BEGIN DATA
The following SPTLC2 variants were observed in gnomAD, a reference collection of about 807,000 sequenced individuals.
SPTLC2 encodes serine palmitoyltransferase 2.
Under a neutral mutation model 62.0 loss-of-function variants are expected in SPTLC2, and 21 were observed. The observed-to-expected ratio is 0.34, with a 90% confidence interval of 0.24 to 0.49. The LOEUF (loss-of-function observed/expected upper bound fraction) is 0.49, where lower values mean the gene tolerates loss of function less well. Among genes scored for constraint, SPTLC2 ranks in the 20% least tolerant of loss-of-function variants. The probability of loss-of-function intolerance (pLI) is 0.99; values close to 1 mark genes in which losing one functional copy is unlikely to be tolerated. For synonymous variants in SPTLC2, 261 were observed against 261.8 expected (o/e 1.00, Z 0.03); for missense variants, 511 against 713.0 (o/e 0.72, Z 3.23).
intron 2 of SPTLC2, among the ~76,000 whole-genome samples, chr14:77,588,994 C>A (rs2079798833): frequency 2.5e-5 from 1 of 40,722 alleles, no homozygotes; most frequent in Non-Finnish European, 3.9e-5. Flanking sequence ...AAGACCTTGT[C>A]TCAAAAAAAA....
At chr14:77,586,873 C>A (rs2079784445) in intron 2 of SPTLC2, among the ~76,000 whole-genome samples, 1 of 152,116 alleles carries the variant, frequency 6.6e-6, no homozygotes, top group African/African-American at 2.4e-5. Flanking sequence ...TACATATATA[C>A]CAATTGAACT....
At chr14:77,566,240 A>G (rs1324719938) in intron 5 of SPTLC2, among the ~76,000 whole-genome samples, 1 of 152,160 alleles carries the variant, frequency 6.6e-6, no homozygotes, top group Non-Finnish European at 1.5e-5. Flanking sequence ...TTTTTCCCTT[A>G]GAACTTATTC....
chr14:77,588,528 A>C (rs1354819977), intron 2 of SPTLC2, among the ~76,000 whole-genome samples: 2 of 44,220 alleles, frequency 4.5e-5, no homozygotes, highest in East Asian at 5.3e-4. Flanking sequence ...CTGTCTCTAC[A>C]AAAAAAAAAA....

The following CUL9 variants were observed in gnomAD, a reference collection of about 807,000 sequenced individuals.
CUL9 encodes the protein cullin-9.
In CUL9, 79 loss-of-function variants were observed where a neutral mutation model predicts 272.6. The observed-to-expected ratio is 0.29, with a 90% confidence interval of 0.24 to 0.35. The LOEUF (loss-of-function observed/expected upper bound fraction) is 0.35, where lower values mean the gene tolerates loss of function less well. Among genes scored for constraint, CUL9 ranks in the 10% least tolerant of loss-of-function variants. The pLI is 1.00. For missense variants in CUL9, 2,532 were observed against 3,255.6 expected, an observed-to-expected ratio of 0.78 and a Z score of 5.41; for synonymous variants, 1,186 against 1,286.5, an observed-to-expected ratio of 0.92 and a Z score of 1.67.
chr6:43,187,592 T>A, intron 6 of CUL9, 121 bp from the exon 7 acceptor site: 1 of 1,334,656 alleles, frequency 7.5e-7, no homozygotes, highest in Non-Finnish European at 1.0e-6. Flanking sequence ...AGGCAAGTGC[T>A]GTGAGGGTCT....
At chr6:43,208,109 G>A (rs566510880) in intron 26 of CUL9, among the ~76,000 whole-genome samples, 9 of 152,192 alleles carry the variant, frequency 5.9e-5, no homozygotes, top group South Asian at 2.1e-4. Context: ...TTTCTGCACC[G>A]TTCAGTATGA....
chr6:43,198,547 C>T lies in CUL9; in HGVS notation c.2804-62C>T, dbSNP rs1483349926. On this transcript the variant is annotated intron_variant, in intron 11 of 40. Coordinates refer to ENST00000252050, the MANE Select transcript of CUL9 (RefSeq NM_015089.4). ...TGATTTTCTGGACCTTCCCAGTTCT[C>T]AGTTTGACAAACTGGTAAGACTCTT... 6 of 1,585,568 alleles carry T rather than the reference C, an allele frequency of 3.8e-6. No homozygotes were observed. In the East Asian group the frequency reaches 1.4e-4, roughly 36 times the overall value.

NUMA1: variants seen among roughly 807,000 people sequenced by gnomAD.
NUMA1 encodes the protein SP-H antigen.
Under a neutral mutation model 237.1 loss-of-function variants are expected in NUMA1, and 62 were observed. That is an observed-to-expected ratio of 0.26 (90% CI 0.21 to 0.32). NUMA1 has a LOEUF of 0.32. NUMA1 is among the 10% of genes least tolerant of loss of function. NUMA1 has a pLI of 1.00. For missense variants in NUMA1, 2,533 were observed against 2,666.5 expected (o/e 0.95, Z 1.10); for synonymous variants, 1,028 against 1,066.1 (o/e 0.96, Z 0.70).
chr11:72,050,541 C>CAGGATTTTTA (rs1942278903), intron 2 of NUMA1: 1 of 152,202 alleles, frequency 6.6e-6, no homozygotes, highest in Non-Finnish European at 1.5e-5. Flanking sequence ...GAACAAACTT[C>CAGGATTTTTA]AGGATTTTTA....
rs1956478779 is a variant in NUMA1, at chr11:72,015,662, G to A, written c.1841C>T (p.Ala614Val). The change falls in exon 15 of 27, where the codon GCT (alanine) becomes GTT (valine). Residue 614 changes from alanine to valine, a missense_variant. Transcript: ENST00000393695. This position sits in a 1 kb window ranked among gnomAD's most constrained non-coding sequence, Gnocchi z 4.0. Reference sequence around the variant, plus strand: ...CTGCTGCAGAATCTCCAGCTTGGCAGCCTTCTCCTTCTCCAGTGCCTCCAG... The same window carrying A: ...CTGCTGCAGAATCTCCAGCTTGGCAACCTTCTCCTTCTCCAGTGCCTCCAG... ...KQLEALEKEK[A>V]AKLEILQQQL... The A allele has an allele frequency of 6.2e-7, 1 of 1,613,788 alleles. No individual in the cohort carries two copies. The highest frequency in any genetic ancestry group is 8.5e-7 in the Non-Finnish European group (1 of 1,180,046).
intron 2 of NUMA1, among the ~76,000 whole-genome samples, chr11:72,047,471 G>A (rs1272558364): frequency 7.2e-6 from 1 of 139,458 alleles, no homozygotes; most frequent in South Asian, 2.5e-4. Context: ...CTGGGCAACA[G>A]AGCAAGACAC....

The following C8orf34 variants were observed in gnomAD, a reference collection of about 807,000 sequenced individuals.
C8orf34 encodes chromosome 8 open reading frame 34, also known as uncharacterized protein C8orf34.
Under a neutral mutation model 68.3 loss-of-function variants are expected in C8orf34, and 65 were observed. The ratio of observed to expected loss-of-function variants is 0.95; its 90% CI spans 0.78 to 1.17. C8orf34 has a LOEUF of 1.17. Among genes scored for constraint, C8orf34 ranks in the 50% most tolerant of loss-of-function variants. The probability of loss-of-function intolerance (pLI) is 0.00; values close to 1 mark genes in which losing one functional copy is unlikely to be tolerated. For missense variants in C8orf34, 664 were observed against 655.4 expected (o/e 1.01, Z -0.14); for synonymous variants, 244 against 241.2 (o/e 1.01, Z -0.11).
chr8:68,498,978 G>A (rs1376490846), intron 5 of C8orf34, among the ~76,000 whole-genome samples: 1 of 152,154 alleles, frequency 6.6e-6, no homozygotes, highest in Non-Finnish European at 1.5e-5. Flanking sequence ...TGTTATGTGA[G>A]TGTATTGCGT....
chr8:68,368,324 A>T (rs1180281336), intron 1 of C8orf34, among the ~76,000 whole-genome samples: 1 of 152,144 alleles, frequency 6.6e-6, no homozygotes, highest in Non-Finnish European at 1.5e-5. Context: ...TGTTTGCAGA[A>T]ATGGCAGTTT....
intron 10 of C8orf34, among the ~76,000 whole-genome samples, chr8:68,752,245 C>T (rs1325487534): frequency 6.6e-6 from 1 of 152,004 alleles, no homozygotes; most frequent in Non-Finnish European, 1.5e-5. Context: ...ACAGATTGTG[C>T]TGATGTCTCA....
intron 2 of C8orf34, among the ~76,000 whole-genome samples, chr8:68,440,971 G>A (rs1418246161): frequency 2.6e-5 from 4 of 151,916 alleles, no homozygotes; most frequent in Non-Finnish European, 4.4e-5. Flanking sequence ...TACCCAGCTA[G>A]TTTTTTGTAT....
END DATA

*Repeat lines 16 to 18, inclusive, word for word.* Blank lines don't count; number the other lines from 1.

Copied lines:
Under a neutral mutation model 237.1 loss-of-function variants are expected in NUMA1, and 62 were observed. That is an observed-to-expected ratio of 0.26 (90% CI 0.21 to 0.32). NUMA1 has a LOEUF of 0.32. NUMA1 is among the 10% of genes least tolerant of loss of function. NUMA1 has a pLI of 1.00. For missense variants in NUMA1, 2,533 were observed against 2,666.5 expected (o/e 0.95, Z 1.10); for synonymous variants, 1,028 against 1,066.1 (o/e 0.96, Z 0.70).
chr11:72,050,541 C>CAGGATTTTTA (rs1942278903), intron 2 of NUMA1: 1 of 152,202 alleles, frequency 6.6e-6, no homozygotes, highest in Non-Finnish European at 1.5e-5. Flanking sequence ...GAACAAACTT[C>CAGGATTTTTA]AGGATTTTTA....
rs1956478779 is a variant in NUMA1, at chr11:72,015,662, G to A, written c.1841C>T (p.Ala614Val). The change falls in exon 15 of 27, where the codon GCT (alanine) becomes GTT (valine). Residue 614 changes from alanine to valine, a missense_variant. Transcript: ENST00000393695. This position sits in a 1 kb window ranked among gnomAD's most constrained non-coding sequence, Gnocchi z 4.0. Reference sequence around the variant, plus strand: ...CTGCTGCAGAATCTCCAGCTTGGCAGCCTTCTCCTTCTCCAGTGCCTCCAG... The same window carrying A: ...CTGCTGCAGAATCTCCAGCTTGGCAACCTTCTCCTTCTCCAGTGCCTCCAG... ...KQLEALEKEK[A>V]AKLEILQQQL... The A allele has an allele frequency of 6.2e-7, 1 of 1,613,788 alleles. No individual in the cohort carries two copies. The highest frequency in any genetic ancestry group is 8.5e-7 in the Non-Finnish European group (1 of 1,180,046).